Friday, November 13, 2015

Friday's Photo/Grace Galloway Lash Wolcott, NY

Grace Galloway Lash 1898-1934
     Grace is my mother's mother, she was born in Wolcott, New York to Russell Carlton Galloway and his wife Harriet Elizabeth Vincent.  In the above photograph she is about sixteen years old.  Inscribed on the back is --"To Grandpa & Grandma Love, Grace"  They would have been her father's father George Galloway and his wife Harriet Foster.  Harriet was Grace's step-grandmother, and her aunt!  Harriet's sister, the late Clarissa Foster, was Grace's actual grandmother. 

     Grace's other set of grandparents John Vincent and Sarah Charlotte  Fowler, who was the subject of my last blog, were deceased by the time this photo was taken in 1914.  Sarah died of TB in 1883 and John passed in 1905.

     Grace married Lewis Lash in 1921, the young couple lived with his mother Mary Wiggins Lash until they purchased their own home in Butler, New York.  They had seven children, my mother being the fifth.  Grace died in a tragic accident when the kerosene can she was holding exploded while she was filling her stove.  Several of her children including my mother were in the room, and several more in the barn with their father.  Upon hearing the explosion, Lewis came running and wrapped his wife in a blanket to extinguish the flames but the damage was done.  She died seven hours later in a small, local hospital.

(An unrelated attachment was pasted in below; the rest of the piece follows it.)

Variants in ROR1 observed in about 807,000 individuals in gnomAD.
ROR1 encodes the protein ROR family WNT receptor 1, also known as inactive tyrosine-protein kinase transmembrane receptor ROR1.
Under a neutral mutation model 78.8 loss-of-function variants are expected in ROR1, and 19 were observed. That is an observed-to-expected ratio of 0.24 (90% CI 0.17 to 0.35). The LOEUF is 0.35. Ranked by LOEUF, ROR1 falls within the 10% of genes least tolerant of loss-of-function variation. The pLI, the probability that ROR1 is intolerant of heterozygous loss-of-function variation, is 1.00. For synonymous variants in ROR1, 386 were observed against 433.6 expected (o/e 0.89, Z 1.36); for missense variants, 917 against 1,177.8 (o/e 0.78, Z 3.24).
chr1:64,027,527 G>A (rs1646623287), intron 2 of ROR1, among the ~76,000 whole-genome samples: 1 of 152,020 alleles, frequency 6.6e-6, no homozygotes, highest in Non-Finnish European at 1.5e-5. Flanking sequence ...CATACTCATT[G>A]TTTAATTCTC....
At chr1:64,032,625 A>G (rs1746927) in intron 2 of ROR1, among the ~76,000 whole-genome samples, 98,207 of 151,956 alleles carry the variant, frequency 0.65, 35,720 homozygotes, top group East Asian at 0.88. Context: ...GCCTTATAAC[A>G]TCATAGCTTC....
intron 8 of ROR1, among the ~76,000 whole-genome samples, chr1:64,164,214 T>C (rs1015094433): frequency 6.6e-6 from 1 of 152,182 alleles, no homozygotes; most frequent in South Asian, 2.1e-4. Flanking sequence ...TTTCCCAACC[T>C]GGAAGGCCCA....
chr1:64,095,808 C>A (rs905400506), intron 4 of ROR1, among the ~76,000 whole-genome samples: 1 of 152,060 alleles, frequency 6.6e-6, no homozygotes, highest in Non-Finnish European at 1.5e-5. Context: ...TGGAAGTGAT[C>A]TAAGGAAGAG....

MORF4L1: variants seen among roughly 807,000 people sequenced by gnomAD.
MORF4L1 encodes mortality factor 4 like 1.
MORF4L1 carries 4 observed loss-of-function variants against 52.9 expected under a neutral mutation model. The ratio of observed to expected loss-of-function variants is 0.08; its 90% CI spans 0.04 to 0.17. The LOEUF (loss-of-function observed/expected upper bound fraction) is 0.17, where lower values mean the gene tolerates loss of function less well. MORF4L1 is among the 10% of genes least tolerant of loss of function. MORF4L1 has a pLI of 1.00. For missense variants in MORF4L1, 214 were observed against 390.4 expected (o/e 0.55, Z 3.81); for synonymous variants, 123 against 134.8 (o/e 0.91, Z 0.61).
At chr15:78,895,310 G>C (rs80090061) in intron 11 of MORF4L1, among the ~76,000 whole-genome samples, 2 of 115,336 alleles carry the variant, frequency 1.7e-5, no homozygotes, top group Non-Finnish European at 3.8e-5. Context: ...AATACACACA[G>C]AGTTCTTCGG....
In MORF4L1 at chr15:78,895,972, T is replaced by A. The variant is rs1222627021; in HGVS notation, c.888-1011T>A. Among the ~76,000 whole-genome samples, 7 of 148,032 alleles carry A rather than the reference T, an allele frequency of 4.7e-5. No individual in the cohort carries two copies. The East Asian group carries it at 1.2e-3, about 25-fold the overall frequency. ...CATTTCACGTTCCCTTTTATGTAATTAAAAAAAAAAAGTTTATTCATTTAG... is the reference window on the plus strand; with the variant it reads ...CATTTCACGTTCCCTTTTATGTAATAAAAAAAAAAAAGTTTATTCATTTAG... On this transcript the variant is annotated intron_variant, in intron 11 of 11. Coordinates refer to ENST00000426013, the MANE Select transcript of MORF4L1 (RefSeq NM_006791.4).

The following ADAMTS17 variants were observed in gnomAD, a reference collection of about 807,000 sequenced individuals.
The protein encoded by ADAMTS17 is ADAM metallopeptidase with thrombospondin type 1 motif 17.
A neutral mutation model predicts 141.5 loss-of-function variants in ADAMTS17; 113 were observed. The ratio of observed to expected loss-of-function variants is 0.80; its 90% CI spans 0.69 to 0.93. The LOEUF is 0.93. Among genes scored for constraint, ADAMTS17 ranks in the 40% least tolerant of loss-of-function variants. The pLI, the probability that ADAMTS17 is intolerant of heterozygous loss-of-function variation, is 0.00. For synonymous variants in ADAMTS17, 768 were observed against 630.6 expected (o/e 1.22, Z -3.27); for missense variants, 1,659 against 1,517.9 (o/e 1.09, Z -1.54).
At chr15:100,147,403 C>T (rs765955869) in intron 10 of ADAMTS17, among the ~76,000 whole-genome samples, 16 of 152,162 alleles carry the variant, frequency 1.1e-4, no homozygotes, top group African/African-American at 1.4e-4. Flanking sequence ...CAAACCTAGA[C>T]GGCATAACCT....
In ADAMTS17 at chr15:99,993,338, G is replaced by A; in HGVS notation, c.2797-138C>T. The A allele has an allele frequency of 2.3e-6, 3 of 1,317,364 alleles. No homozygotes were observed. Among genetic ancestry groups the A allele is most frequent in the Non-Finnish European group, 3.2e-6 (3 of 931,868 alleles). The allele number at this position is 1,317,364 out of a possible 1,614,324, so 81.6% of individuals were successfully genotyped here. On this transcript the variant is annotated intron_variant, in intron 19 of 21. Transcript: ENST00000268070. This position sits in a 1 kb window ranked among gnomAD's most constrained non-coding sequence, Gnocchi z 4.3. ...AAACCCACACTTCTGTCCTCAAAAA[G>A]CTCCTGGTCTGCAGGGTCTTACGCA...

1. What a wonderful photo... and tragic story.
    I'm always a terrible judge of age-- I'd have guessed her much older in the photo

  2. I don't think it's you. I have photos of my Mother in which I'd swear I was looking at a woman in her 20's and she was only 16. I've found that in many cases with older pictures.

  3. What a tragic death Ellie, poor woman. Your mother must have been traumatized.

  4. Indeed she was. She was only eight years old at the time and it was something she could never forget.

  5. What a sad story. I feel like I come across a fair number who either lost their home or life to fire. Between the candles, woods stoves, fireplaces and lamps, there was a lot of open fire in a typical home I guess and a lot of potential for tragedy. How sad that some of the children were in the room when it happened.

  6. Yes, very sad. My Uncle, who was about 5 at the time remembers being driven away from their home afterwards and seeing the kitchen curtains blowing through the broken window. For some reason I find that image so heartbreaking...